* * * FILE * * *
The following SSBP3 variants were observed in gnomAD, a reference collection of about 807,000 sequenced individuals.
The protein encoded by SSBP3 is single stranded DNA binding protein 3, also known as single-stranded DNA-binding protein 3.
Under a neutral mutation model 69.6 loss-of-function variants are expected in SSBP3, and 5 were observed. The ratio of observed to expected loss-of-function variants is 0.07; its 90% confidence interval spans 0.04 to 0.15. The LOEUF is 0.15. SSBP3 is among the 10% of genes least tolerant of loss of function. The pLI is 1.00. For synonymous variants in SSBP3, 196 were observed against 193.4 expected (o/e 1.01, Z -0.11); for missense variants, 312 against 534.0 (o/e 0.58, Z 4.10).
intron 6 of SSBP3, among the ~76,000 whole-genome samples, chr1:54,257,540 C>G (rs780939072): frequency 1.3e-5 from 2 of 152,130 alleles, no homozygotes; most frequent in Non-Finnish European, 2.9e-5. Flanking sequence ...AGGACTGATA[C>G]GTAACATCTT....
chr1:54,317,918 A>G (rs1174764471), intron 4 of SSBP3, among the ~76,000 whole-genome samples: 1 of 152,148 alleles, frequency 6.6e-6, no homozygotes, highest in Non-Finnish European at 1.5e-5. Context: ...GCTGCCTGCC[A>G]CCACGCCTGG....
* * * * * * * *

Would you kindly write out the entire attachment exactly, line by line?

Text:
The following SSBP3 variants were observed in gnomAD, a reference collection of about 807,000 sequenced individuals.
The protein encoded by SSBP3 is single stranded DNA binding protein 3, also known as single-stranded DNA-binding protein 3.
Under a neutral mutation model 69.6 loss-of-function variants are expected in SSBP3, and 5 were observed. The ratio of observed to expected loss-of-function variants is 0.07; its 90% confidence interval spans 0.04 to 0.15. The LOEUF is 0.15. SSBP3 is among the 10% of genes least tolerant of loss of function. The pLI is 1.00. For synonymous variants in SSBP3, 196 were observed against 193.4 expected (o/e 1.01, Z -0.11); for missense variants, 312 against 534.0 (o/e 0.58, Z 4.10).
intron 6 of SSBP3, among the ~76,000 whole-genome samples, chr1:54,257,540 C>G (rs780939072): frequency 1.3e-5 from 2 of 152,130 alleles, no homozygotes; most frequent in Non-Finnish European, 2.9e-5. Flanking sequence ...AGGACTGATA[C>G]GTAACATCTT....
chr1:54,317,918 A>G (rs1174764471), intron 4 of SSBP3, among the ~76,000 whole-genome samples: 1 of 152,148 alleles, frequency 6.6e-6, no homozygotes, highest in Non-Finnish European at 1.5e-5. Context: ...GCTGCCTGCC[A>G]CCACGCCTGG....